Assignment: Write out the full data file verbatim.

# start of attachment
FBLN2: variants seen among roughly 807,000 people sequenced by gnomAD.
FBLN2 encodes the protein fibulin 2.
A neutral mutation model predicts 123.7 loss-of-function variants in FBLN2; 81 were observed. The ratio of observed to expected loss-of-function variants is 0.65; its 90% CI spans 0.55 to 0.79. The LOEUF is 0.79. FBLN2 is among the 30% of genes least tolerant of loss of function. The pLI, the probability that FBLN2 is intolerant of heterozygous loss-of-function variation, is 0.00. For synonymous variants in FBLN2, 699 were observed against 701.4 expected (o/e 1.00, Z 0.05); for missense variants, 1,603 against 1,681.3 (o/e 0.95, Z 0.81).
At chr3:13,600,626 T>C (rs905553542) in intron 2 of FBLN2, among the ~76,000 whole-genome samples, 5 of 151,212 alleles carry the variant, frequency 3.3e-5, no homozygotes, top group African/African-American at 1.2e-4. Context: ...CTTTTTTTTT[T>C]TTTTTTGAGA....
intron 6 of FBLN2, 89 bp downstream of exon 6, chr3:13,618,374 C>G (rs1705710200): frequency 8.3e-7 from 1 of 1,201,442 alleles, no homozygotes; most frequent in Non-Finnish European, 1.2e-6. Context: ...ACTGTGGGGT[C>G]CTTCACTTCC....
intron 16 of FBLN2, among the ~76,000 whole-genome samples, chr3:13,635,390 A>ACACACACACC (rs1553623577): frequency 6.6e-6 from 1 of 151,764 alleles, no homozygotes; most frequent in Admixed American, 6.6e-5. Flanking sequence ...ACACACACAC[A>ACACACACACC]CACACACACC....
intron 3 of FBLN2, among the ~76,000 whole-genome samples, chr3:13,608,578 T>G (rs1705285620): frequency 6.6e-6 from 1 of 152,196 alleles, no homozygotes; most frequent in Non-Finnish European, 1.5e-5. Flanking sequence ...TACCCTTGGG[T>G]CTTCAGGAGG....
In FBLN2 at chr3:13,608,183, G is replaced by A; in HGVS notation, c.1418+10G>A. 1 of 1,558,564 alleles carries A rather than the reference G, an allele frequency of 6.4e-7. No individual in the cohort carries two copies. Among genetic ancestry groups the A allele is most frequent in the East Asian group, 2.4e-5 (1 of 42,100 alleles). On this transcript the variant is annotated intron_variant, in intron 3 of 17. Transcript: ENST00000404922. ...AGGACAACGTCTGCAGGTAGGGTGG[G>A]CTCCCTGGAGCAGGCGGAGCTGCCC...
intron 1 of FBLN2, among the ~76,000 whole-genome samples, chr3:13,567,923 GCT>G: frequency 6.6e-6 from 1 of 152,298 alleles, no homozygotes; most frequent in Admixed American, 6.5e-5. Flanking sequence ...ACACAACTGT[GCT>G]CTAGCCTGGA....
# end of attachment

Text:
FBLN2: variants seen among roughly 807,000 people sequenced by gnomAD.
FBLN2 encodes the protein fibulin 2.
A neutral mutation model predicts 123.7 loss-of-function variants in FBLN2; 81 were observed. The ratio of observed to expected loss-of-function variants is 0.65; its 90% CI spans 0.55 to 0.79. The LOEUF is 0.79. FBLN2 is among the 30% of genes least tolerant of loss of function. The pLI, the probability that FBLN2 is intolerant of heterozygous loss-of-function variation, is 0.00. For synonymous variants in FBLN2, 699 were observed against 701.4 expected (o/e 1.00, Z 0.05); for missense variants, 1,603 against 1,681.3 (o/e 0.95, Z 0.81).
At chr3:13,600,626 T>C (rs905553542) in intron 2 of FBLN2, among the ~76,000 whole-genome samples, 5 of 151,212 alleles carry the variant, frequency 3.3e-5, no homozygotes, top group African/African-American at 1.2e-4. Context: ...CTTTTTTTTT[T>C]TTTTTTGAGA....
intron 6 of FBLN2, 89 bp downstream of exon 6, chr3:13,618,374 C>G (rs1705710200): frequency 8.3e-7 from 1 of 1,201,442 alleles, no homozygotes; most frequent in Non-Finnish European, 1.2e-6. Context: ...ACTGTGGGGT[C>G]CTTCACTTCC....
intron 16 of FBLN2, among the ~76,000 whole-genome samples, chr3:13,635,390 A>ACACACACACC (rs1553623577): frequency 6.6e-6 from 1 of 151,764 alleles, no homozygotes; most frequent in Admixed American, 6.6e-5. Flanking sequence ...ACACACACAC[A>ACACACACACC]CACACACACC....
intron 3 of FBLN2, among the ~76,000 whole-genome samples, chr3:13,608,578 T>G (rs1705285620): frequency 6.6e-6 from 1 of 152,196 alleles, no homozygotes; most frequent in Non-Finnish European, 1.5e-5. Flanking sequence ...TACCCTTGGG[T>G]CTTCAGGAGG....
In FBLN2 at chr3:13,608,183, G is replaced by A; in HGVS notation, c.1418+10G>A. 1 of 1,558,564 alleles carries A rather than the reference G, an allele frequency of 6.4e-7. No individual in the cohort carries two copies. Among genetic ancestry groups the A allele is most frequent in the East Asian group, 2.4e-5 (1 of 42,100 alleles). On this transcript the variant is annotated intron_variant, in intron 3 of 17. Transcript: ENST00000404922. ...AGGACAACGTCTGCAGGTAGGGTGG[G>A]CTCCCTGGAGCAGGCGGAGCTGCCC...
intron 1 of FBLN2, among the ~76,000 whole-genome samples, chr3:13,567,923 GCT>G: frequency 6.6e-6 from 1 of 152,298 alleles, no homozygotes; most frequent in Admixed American, 6.5e-5. Flanking sequence ...ACACAACTGT[GCT>G]CTAGCCTGGA....